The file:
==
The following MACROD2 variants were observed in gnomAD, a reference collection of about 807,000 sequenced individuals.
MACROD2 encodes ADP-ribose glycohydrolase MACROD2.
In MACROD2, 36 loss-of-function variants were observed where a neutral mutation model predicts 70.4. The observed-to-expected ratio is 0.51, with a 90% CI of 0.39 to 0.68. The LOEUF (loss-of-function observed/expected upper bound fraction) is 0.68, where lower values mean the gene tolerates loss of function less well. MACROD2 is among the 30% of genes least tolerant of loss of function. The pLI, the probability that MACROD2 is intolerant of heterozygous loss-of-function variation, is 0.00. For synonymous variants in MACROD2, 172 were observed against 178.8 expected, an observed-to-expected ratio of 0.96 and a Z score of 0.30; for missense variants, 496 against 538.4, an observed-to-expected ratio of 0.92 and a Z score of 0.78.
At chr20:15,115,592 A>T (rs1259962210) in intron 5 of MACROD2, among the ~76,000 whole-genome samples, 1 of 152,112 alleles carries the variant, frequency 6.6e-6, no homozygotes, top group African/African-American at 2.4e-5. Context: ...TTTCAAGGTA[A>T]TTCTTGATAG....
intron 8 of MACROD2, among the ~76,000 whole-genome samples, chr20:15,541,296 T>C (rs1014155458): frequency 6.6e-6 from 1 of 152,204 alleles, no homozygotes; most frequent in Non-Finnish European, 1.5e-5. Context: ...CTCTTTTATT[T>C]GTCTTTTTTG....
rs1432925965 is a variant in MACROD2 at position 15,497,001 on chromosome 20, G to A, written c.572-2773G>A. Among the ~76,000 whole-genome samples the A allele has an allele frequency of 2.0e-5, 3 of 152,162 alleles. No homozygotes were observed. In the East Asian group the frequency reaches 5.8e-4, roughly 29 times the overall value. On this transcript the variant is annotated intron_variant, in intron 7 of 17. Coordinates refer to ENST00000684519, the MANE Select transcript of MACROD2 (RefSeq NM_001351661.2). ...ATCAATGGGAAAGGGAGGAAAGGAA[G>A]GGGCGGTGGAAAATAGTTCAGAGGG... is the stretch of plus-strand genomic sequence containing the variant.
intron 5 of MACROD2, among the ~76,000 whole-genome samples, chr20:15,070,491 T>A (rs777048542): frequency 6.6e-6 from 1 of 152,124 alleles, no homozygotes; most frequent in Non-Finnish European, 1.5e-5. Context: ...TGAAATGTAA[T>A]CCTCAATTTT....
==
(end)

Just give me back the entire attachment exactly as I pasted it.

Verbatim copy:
The following MACROD2 variants were observed in gnomAD, a reference collection of about 807,000 sequenced individuals.
MACROD2 encodes ADP-ribose glycohydrolase MACROD2.
In MACROD2, 36 loss-of-function variants were observed where a neutral mutation model predicts 70.4. The observed-to-expected ratio is 0.51, with a 90% CI of 0.39 to 0.68. The LOEUF (loss-of-function observed/expected upper bound fraction) is 0.68, where lower values mean the gene tolerates loss of function less well. MACROD2 is among the 30% of genes least tolerant of loss of function. The pLI, the probability that MACROD2 is intolerant of heterozygous loss-of-function variation, is 0.00. For synonymous variants in MACROD2, 172 were observed against 178.8 expected, an observed-to-expected ratio of 0.96 and a Z score of 0.30; for missense variants, 496 against 538.4, an observed-to-expected ratio of 0.92 and a Z score of 0.78.
At chr20:15,115,592 A>T (rs1259962210) in intron 5 of MACROD2, among the ~76,000 whole-genome samples, 1 of 152,112 alleles carries the variant, frequency 6.6e-6, no homozygotes, top group African/African-American at 2.4e-5. Context: ...TTTCAAGGTA[A>T]TTCTTGATAG....
intron 8 of MACROD2, among the ~76,000 whole-genome samples, chr20:15,541,296 T>C (rs1014155458): frequency 6.6e-6 from 1 of 152,204 alleles, no homozygotes; most frequent in Non-Finnish European, 1.5e-5. Context: ...CTCTTTTATT[T>C]GTCTTTTTTG....
rs1432925965 is a variant in MACROD2 at position 15,497,001 on chromosome 20, G to A, written c.572-2773G>A. Among the ~76,000 whole-genome samples the A allele has an allele frequency of 2.0e-5, 3 of 152,162 alleles. No homozygotes were observed. In the East Asian group the frequency reaches 5.8e-4, roughly 29 times the overall value. On this transcript the variant is annotated intron_variant, in intron 7 of 17. Coordinates refer to ENST00000684519, the MANE Select transcript of MACROD2 (RefSeq NM_001351661.2). ...ATCAATGGGAAAGGGAGGAAAGGAA[G>A]GGGCGGTGGAAAATAGTTCAGAGGG... is the stretch of plus-strand genomic sequence containing the variant.
intron 5 of MACROD2, among the ~76,000 whole-genome samples, chr20:15,070,491 T>A (rs777048542): frequency 6.6e-6 from 1 of 152,124 alleles, no homozygotes; most frequent in Non-Finnish European, 1.5e-5. Context: ...TGAAATGTAA[T>A]CCTCAATTTT....